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Western Digital ships first helium-filled 6TB 3.5-inch hard drives

updated 04:20 pm EST, Mon November 4, 2013

New drives increase data density, lower operating temperatures

Western Digital today announced that after a year in development, it is shipping the 6TB Ultrastar He6 enterprise-class hard disk drive. Taking advantage of the inherent benefits of helium, which is one-seventh the density of air, the new Ultrastar He6 drive features Western Digital's 7Stac disk design with 6TB, making it the world's highest-capacity HDD aimed at cloud storage, massive scale deployments, disk-to-disk backup, and replicated or RAID environments in a data center environment.

Normal 3.5-inch hard drives, while sealed against dust impingement, are still blanketed in air. The helium-filled and hermetically-sealed drive dramatically reduces the turbulence caused by the spinning disk, cuts power consumption and results in a lower temperature within the disk drive.

With 6TB, 5.3 idle watts, running at 4C-5C cooler than air-filled HDDs, with a weight of 640g and using either SATA or SAS connections, the new Ultrastar He6 lowers data center costs on virtually every level. Key benefits when compared to a 3.5-inch, five-platter, air-filled 4TB drive include 23 percent lower idle power per drive , 49 percent better watts-per-TB, and the best data density in a standard 3.5-inch form factor.

The 6TB HGST Ultrastar He6 hard drives will be available in the next few days. Drive pricing is not available, and will be tied to commodity pricing of helium -- a resource that is rapidly dwindling.

by MacNN Staff



  1. bjojade

    Fresh-Faced Recruit

    Joined: 06-07-07

    Drive pricing tied to helium price? Now how much helium are they really putting inside the drives? It can't really fluctuate THAT much to make a significant price difference of the drives.

  1. jpellino

    Fresh-Faced Recruit

    Joined: 10-29-99

    Excuse me if I'm not an early adopter on this one...

  1. coffeetime

    Senior User

    Joined: 11-15-06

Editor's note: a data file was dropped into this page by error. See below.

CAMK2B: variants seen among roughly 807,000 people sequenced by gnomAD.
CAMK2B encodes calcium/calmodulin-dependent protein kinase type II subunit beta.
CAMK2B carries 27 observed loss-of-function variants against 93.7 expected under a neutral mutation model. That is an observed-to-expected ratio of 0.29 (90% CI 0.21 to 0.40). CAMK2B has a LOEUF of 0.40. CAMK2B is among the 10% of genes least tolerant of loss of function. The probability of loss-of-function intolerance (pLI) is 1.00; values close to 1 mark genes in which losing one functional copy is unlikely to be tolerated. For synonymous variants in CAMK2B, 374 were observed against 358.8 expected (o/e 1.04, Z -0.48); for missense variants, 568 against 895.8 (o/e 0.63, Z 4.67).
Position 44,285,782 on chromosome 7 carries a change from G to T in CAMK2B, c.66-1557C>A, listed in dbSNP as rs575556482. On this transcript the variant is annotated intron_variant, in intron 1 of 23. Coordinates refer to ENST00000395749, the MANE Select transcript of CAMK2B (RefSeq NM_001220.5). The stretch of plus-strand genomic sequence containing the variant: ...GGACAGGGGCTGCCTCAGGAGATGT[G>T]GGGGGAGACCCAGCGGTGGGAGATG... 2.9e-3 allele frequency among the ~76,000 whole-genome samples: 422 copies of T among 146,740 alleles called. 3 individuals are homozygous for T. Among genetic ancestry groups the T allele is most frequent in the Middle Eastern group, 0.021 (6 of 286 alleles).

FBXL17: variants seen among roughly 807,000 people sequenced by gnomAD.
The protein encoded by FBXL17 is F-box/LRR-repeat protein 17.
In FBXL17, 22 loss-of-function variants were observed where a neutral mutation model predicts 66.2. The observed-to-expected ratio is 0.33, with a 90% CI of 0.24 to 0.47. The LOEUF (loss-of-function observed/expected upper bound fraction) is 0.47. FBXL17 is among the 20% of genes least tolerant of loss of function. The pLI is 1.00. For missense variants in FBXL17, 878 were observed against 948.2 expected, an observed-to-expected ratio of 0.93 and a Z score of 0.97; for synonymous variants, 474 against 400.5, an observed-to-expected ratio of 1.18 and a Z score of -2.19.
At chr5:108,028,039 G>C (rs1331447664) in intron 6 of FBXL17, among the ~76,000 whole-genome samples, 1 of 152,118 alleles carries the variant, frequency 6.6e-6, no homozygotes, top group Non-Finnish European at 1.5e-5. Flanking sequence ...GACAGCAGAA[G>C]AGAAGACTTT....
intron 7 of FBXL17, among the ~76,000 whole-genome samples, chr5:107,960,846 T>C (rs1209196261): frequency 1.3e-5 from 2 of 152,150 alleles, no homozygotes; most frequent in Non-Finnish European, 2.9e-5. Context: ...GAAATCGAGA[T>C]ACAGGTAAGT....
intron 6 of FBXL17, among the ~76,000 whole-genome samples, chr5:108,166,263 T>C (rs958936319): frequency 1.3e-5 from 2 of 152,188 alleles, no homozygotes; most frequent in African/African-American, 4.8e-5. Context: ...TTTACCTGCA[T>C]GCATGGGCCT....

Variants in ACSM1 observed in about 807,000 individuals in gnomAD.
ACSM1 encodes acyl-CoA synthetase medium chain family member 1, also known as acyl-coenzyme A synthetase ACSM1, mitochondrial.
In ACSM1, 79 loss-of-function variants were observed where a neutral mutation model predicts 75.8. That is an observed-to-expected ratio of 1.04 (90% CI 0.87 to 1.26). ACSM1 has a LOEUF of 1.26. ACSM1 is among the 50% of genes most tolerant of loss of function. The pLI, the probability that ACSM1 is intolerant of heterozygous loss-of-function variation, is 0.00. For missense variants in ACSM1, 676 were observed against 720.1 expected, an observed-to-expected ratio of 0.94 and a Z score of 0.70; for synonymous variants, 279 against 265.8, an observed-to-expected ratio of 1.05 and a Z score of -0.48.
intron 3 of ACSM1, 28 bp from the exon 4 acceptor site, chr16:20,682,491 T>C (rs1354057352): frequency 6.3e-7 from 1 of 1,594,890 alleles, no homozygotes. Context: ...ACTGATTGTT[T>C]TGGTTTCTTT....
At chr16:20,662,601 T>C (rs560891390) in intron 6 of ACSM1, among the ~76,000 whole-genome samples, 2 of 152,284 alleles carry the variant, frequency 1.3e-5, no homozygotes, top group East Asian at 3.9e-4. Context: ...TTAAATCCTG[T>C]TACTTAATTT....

Helium filled.....that's unusual and interesting. That enclosure is better super air-tight.

  1. Mike Wuerthele

    Managing Editor

    Joined: 07-19-12

    Originally Posted by bjojadeView Post

    Drive pricing tied to helium price? Now how much helium are they really putting inside the drives? It can't really fluctuate THAT much to make a significant price difference of the drives.

    There are a couple of different grades of helium. The cheap stuff in balloons is essentially recycled helium with all manners of impurities. The grade in these drives is the top-shelf stuff which a few years ago was a MINIMUM of $5.77 per cubic meter. Its more now. There's probably a significant quantity of gas lost per drive in the factory as well.

    We'll see with time, I guess.

  1. Leatherropes

    Fresh-Faced Recruit

    Joined: 07-02-11

    Helium? Huh? I would like WD to fully embrace SSD and get on with it.

  1. elroth

    Junior Member

    Joined: 07-05-06

    I don't want my hard drive floating away.

  1. sunman42

    Fresh-Faced Recruit

    Joined: 11-09-11

    The helium shortage is no joke: MRI and various manufacturing processes use a lot more than we used to, making it much more expensive for lab uses. Congress has gotten the US government out of and more recently back into the act of stockpiling helium, but it's not clear that will provide a long-term fix.

  1. rexray

    Fresh-Faced Recruit

    Joined: 07-15-02

    In my opinion FWIW, just because a product CAN be made doesn't mean it should be. Surely they could have found a way to improve the operating environment inside a mechanical device that has a life expectancy of 3-5 years without using a vanishing and irreplaceable (at this time) natural resource. In the big picture, it does not seem like a very bright move. I can only hope other hard disk manufacturers do not follow suite.

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